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Duke’s party culture is a paradox of empathy during the pandemic

“Ladies, pair up. Make sure both you and your partner get home safe,” a girl from my dorm announced, commanding the attention of the buzzing Randolph common room. “Ten women are leaving here tonight. I expect ten women to be back in their dorms by tomorrow morning.” 

Leading by example, she linked arms with her best friend and beckoned us to follow her out the door. I turned to the woman next to me and shared a nervous grin. She reciprocated before pulling me by the arm to embark on what I anticipated to be my most dangerous journey yet: a trek into Duke’s party culture.

Admittedly, my perception of the haze that was O-week may be a bit hyperbolic. However, I had never partied prior to entering college; the scenes at Shooters and Devine’s proved themselves to be both intimidating and enchanting. I was thrust into a sea of vibrancy and sweaty bodies night after night, forming memories that caused me to nod in agreement in the mornings when my FAC group would echo that their favorite thing about Duke was the “work hard, play hard culture.” The notion of “playing hard” every night is perplexing as an outsider: it’s an activity caught in a dissidence of employing and neglecting empathy.

Take my first night at Devine’s, for example. Standing under the blue awning, I overheard a man offer to pay a total stranger’s entry fee simply because that stranger had forgotten his wallet. The stranger was then met with congratulations because he revealed that he had just booked his dream internship. To the right of this, two girls were helping put band-aids on their friend’s blistered feet. As I continued through the night, I witnessed acts of kindness throughout the small establishment: drunken reassurances of “you look good” passed from girl to girl, upperclassmen checking up on underclassmen to ensure that they were safe and groups leaving early together to walk home a member too tired to continue their night.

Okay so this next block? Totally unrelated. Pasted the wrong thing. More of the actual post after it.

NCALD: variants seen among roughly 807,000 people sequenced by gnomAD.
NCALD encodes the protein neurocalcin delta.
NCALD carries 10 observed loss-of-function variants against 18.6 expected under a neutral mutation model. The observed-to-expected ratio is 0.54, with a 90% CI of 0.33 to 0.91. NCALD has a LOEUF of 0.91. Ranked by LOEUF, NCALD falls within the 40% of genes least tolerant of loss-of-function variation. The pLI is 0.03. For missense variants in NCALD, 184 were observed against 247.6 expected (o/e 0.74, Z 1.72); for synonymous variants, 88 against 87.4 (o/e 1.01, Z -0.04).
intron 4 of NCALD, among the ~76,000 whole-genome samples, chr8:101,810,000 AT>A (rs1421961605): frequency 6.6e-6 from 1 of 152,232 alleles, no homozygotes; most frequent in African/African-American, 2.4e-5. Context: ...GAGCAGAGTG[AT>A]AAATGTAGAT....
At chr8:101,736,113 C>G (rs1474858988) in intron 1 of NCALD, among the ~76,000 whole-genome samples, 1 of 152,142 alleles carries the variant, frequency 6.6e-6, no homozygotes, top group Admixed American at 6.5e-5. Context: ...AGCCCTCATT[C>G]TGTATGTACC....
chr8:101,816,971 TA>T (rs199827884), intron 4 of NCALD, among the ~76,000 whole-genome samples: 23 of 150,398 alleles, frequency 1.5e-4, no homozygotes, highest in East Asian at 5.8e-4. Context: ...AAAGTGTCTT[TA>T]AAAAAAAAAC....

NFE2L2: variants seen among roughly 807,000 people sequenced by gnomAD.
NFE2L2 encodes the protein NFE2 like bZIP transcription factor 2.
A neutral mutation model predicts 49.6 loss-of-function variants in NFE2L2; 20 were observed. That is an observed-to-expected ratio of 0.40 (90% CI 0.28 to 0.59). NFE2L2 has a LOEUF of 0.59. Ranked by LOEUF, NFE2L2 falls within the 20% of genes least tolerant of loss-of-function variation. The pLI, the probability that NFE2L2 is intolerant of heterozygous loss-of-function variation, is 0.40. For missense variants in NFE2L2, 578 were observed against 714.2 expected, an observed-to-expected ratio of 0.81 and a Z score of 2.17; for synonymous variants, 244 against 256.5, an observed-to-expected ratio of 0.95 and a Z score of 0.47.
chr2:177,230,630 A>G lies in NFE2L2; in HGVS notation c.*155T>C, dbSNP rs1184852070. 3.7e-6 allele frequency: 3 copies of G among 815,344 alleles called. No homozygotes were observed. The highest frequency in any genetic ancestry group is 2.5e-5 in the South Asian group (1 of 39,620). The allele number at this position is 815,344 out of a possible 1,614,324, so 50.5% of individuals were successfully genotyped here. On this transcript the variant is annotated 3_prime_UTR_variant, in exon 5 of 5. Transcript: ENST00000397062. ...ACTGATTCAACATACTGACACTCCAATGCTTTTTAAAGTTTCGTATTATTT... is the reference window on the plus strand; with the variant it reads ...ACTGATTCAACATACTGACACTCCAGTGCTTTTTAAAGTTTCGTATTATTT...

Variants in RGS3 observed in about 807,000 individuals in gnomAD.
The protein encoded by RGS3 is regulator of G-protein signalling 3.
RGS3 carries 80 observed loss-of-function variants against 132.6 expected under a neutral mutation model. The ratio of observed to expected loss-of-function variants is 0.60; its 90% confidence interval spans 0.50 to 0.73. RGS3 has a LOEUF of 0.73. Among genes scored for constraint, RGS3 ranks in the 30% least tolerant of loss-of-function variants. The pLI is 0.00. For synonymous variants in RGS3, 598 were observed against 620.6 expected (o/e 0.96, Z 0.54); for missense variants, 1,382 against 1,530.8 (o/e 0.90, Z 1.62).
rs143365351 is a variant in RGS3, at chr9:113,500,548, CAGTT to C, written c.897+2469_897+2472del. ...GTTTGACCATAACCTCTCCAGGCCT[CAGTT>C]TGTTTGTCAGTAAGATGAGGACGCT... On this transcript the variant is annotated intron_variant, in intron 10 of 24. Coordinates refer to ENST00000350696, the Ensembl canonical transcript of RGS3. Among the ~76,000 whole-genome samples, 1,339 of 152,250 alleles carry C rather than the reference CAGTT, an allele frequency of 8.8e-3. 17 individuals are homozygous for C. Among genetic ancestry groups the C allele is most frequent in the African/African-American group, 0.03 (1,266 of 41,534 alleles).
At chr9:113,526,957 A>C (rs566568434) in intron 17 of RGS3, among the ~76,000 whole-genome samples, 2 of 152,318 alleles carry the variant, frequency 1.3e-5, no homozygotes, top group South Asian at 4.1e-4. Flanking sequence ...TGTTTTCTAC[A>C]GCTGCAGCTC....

This amicable environment did not pass by Devine’s sister establishment. On the night of my pact with the nine other ladies in my dorm, I discovered just what it meant to take a trip to Shooters. Sure, it was dingy, crowded and rife with outdated music like the upperclassmen of my pre-orientation program had warned me. But it also contained an atmosphere filled with youthful excitement and acceptance. A group of senior girls celebrating one of their own’s 21st birthday let me dance with them when they saw me lost in the crowd. In the bathrooms, women exchanged numbers and compliments. On the dance floor, friends helped guide each other through the troves of people when they could have just as easily let one another get lost. By the end of the night, I had found another group of people (plus my partner) that I felt comfortable enough with to take me home. 

I’m not claiming that any of this is unique to Duke. I’m well-aware of this etiquette being transcribed in bars and clubs across the globe. However, these instances of empathy being foiled by instances of carelessness bring a distinctive element of confusion to Duke’s nightlife.